Langton Capital – 2018-09-10 – Gig economy, Deltic, Gaucho, US outlets, Hoseasons etc.:
Gig economy, Deltic, Gaucho, US outlets, Hoseasons etc.:
A DAY IN THE LIFE:
I know it’s autumn in all but name but all the geese in the North of England seem to be circling over our house and honking to each other.
They’re likely having one last, lengthy look around before they seek out the railway lines and follow them south and, truth be known, with the mist hanging over the grass and the smell of fallen fruit in the air, there’s something to be said for that.
Indeed, chunks of Langton will be at York railway station to head south shortly and, though we’re not really attempting to follow the wildlife to somewhere warmer, we could be leaving behind the single-digit temperatures, for a while at least.
Anyway, there’s plenty going on this week so, before we get fatally distracted looking out of the window, on to the news:
60 SECONDS ON THE GIG ECONOMY: SELF-EMPLOYED OR EXPLOITED WORKERS?
How did we get here?
• Extortionate taxi prices & consumer desire for food at your doorstep.
• Tech companies & the rise of apps on smartphones paved the way for disruptors such as Uber and Deliveroo. The companies are referred to as ‘New world tech’ .
• Virtually no barriers to entry for workers means anyone can work for these companies at the drop of a hat
Where are we now?
• Court battles are being won to give workers’ rights to those in the gig economy
• There is a negative reaction to delivery drivers/unlicensed cab drivers. Some councils are acting out against them. The public dislikes the congestion, pollution & noise all these extra drivers are causing – not to mention the personal info they are privy to
• Disruptors are being told to vet their workers more thoroughly before hiring them due to security concerns
• The stability of the new world tech companies is often called into question, with many running on low margins and burning through VC money
What does the future hold?
• The gig economy faces increased regulation in the near future, worker’s rights and security being the foremost issues
• As more industries get disrupted via apps it is likely the gig economy workforce will increase in size over the coming years
• Rapid advances in driverless cars could have knock on effects to the gig economy workers
PUBS & RESTAURANTS:
• Revolution Bars Group has confirmed that it is in the preliminary stages of considering an acquisition of The Deltic Group. Revolution reports ‘it is only in very preliminary dialogue with Deltic regarding such a potential transaction’. Revolution shares rose more than 10% ahead of the announcement.
• Deltic attempted to buy (or at least merge with) Revolution during Stonegate’s agreed (but subsequently failed) bid for the latter last year. Revolution Friday cautioned ‘there can be no certainty as to the terms, timing or structure of any such transaction, nor as to whether any such transaction will occur at all.’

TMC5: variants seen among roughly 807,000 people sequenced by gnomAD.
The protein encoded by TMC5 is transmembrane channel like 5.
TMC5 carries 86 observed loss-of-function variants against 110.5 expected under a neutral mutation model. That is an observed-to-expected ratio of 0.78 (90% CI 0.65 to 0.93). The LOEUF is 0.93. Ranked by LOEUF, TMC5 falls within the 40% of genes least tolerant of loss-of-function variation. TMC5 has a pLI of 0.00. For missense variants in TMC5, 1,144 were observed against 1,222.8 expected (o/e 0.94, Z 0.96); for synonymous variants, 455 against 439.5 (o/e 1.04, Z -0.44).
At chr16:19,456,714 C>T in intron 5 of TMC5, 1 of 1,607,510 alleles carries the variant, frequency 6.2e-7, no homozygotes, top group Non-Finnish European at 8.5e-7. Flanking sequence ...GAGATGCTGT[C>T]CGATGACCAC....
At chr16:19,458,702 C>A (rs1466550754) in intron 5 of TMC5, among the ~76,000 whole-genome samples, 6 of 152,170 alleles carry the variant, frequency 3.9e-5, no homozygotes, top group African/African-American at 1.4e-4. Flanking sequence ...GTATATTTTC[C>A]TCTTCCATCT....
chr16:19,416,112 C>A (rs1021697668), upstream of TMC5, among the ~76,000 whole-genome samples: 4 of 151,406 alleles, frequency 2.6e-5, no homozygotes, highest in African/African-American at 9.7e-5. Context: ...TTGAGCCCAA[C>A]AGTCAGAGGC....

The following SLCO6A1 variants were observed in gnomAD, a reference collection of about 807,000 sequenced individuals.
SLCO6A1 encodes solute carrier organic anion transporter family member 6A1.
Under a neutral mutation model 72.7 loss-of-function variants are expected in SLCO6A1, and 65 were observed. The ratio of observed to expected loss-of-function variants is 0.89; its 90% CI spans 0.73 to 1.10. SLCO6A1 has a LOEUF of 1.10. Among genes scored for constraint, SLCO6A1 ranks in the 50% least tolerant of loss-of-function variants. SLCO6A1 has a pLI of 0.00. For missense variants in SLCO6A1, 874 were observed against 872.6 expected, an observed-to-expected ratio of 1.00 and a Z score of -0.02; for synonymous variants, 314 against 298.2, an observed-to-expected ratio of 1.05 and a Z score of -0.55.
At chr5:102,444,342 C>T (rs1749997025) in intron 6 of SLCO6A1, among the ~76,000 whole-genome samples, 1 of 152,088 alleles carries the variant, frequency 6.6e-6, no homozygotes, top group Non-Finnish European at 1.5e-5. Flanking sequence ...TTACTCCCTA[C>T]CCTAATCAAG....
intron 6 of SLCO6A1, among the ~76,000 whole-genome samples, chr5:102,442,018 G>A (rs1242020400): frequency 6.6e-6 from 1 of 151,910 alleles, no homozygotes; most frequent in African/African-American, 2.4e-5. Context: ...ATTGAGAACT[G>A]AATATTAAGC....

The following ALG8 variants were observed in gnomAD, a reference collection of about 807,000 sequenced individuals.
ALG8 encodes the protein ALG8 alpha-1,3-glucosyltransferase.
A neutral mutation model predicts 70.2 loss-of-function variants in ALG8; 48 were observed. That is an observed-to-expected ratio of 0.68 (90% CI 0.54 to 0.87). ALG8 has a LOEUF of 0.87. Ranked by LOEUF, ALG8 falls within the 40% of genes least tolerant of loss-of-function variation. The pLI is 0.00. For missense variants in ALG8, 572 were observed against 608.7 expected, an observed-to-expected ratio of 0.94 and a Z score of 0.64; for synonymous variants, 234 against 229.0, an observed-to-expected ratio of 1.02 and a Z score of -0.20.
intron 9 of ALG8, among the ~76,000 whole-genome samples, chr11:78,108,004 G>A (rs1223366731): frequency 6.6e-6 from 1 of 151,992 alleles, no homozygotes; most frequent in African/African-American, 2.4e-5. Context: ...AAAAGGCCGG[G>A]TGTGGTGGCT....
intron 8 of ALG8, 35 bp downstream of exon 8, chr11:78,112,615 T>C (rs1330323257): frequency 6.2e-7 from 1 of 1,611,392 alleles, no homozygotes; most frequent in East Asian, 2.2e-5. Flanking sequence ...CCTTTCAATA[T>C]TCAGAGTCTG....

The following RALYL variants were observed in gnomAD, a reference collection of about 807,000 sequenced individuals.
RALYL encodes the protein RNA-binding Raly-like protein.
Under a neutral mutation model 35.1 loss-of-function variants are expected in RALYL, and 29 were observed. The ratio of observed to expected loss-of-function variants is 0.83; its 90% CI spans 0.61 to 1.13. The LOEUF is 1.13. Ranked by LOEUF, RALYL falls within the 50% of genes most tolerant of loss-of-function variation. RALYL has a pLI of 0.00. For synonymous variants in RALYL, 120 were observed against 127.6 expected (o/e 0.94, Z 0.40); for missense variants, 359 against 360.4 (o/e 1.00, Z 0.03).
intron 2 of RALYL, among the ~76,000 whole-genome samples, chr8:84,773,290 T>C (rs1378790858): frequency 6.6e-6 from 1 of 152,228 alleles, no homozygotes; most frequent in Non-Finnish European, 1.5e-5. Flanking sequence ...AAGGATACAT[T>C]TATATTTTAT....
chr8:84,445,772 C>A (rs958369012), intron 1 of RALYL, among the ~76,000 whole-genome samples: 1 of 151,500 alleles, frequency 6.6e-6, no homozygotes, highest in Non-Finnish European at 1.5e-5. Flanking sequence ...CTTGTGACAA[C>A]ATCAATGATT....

• Statement of affairs from the administrators of Gaucho Grill show the company has a deficit to creditors of £65m. Assets, after the cost of liquidating them, of just £745k. Just how the company persuaded itself that it was fit to continue trading is unclear.
• US restaurant data has continued to recover in August with LfL sales up 1.8%, according to data from TDn2K. Texas was hit by Hurricane Harvey in August last year making the industry’s comps relatively soft. Victor Fernandez, vice president of insights and knowledge for TDn2K ‘At the end of July there was concern that restaurant sales might be slowing and the much-awaited recovery might be coming to an end. Nonetheless, sales in the first three weeks of August, which were pre-hurricane, were up 1.5 percent. Had this been the final result for the month, it would still have been the best performance since September of 2015 and it represented a 0.9 percentage point improvement over July’s same-store sales’.
• Coca-Cola is believed to be preparing a multibillion-pound bid for GlaxoSmithKline’s Horlicks, the group’s famous Indian drinks brand.
• Lakes Whisky Distillery is considering listing its shares on the London Stock Exchange and has appointed N+1 Singer as its nominated advisor and broker. Lakes revealed that from 2019, £2m worth of stock will be laid down annually with revenue having grown year-on-year, from £2.5m in 2015 to £4.3m achieved in 2017.
• Nigel Mills, CEO of The Lakes Distillery, commented: ‘We believe we are well positioned for growth, with multiple revenue streams, and an appreciating asset in the form of our whisky stock, developed using our multi-oak, multi-sherry led production process. We are exploring an IPO as a flexible source of capital to allow us to increase our production significantly, whilst remaining independent and focused on quality, as well as investing in our whisky stock, our sales and marketing capabilities and our distribution channels.’
• Morar HPI has suggested that the proportion of people ordering food for delivery in the UK rose from 31% to 36% over the last 6mths. Ordering is driven by availability and by lifestyle changes.